Medical research involving animals is beneficial to both humans and other animals. Certain kinds of questions can only be answered through animal studies. This section provides background and analysis of both animal research in general and specific animal research issues.
On December 8, 2015, an expert panel recommended that the World Health Organization (WHO) not place international drug controls on ketamine.
The National Institutes of Child Health and Human Development (NICHD) at NIH announced in December that a well-regarded researcher’s work on the effects of maternal deprivation in infant monkeys would be phased out over the next 3 years.
On October 14, 2015, the APS submitted comments providing the FDA with information about the importance of ketamine in clinical and research settings.
Published in Advances in Physiology Education
, this article provides historical perspective review on animal teaching laboratories in medical education, including an evaluation of the methodologies and conclusions of several studies sometimes cited by those who oppose of live animal labs.
Many prominent educators in the field of physiology recognize the value of animal laboratories, praising the value of these exercises for “direct experience, insight, and learning” and their “enormous educational merit and benefit.”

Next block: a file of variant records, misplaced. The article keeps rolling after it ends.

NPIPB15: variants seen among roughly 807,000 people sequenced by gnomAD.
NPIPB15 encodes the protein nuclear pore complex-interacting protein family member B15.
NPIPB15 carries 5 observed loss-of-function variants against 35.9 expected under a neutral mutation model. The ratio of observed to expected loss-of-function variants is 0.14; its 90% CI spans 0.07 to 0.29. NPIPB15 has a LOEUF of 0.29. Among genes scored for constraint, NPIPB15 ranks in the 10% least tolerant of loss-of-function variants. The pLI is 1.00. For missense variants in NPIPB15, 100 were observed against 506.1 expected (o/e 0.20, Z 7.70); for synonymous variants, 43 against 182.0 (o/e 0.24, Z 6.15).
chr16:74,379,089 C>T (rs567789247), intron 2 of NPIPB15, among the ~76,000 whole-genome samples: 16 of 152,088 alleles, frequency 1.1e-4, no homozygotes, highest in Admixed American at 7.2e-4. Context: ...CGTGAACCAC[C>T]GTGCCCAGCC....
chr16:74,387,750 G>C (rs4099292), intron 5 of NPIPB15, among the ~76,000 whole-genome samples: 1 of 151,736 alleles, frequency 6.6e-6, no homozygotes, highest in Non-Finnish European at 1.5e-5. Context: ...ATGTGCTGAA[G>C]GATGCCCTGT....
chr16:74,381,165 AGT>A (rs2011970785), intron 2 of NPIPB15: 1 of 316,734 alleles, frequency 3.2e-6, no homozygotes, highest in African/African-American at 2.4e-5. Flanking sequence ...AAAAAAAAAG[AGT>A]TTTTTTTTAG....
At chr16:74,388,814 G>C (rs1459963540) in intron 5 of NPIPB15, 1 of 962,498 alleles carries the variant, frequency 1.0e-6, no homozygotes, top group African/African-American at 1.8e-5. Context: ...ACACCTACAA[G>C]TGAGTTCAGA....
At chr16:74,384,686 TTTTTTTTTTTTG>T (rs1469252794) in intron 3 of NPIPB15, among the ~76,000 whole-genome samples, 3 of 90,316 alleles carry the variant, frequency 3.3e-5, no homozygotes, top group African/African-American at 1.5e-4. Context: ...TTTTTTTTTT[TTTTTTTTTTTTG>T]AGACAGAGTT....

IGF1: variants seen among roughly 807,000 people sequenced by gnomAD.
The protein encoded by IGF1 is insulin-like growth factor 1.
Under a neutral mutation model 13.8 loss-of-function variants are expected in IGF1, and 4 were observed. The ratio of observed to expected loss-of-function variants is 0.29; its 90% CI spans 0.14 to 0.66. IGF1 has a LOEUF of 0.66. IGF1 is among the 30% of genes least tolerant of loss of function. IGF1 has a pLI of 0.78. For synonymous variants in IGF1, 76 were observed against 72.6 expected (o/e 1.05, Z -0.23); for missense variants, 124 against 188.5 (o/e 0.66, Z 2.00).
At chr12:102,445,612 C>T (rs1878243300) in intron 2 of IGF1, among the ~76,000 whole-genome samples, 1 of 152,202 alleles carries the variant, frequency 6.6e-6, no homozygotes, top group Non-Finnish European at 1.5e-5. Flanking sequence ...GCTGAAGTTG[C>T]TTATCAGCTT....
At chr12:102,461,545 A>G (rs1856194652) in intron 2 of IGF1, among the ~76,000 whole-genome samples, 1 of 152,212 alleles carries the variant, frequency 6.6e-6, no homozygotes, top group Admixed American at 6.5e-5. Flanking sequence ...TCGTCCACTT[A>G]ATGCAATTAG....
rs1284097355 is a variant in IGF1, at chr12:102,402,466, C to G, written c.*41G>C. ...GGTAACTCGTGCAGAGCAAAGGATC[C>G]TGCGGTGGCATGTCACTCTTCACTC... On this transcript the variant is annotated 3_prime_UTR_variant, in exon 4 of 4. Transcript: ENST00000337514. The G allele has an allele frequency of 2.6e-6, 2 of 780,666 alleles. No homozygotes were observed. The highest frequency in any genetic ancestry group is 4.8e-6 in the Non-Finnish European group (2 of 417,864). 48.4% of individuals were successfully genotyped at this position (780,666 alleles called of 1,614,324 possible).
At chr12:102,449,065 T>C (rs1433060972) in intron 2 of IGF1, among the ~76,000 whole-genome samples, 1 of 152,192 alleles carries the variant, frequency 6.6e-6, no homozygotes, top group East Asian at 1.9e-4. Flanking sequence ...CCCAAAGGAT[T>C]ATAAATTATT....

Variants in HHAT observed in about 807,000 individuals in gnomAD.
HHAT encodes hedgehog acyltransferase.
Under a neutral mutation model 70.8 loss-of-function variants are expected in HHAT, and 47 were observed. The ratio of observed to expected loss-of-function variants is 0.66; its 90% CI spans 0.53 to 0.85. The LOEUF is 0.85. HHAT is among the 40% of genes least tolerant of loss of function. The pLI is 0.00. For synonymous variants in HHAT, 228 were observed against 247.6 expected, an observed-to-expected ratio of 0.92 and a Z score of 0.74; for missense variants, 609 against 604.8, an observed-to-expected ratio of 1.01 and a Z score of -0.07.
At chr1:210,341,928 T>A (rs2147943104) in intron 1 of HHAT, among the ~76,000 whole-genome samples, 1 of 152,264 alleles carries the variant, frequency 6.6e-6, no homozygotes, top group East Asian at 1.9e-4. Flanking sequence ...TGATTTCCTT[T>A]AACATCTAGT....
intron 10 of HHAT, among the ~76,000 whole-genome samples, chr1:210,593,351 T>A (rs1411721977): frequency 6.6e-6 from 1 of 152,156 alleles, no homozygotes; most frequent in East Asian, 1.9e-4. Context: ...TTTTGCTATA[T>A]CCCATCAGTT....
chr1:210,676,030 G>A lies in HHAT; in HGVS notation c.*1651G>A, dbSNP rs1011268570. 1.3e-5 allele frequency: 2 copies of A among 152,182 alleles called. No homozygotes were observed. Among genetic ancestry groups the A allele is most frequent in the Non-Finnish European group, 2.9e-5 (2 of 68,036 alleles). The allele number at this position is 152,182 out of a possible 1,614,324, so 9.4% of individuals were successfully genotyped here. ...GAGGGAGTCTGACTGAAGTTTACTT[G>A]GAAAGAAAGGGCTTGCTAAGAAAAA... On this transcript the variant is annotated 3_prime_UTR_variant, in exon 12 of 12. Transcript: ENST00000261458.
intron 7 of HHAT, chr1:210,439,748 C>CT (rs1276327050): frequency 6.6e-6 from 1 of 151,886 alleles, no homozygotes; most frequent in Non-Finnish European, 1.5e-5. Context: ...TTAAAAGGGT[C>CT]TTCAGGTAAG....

Check out animalresearchcures.org
for our updated FAQ on animal research, the free PDF, and other helpful resources.
APS’s Resource Book for the Design of Animal Exercise Protocols
offers suggestions for how to design, review, and implement experimental paradigms
involving animals and exercise.
Animal research is subject to a number of layers of regulation and oversight.
Information on animal research oversight and regulation.
The American Physiological Society condemns all acts of violence or intimidation against individuals engaged in legitimate scientific inquiries intended to advance knowledge and improve health.
Statements from societies, universities, federal agencies, and others condemning attacks and harassment targeted at researchers.
Advice from NIH on how to mitigate the threat of animal rights extremists.
Highlights from the APS Animal Care and Experimentation Committee EB2012 symposium on Public Outreach.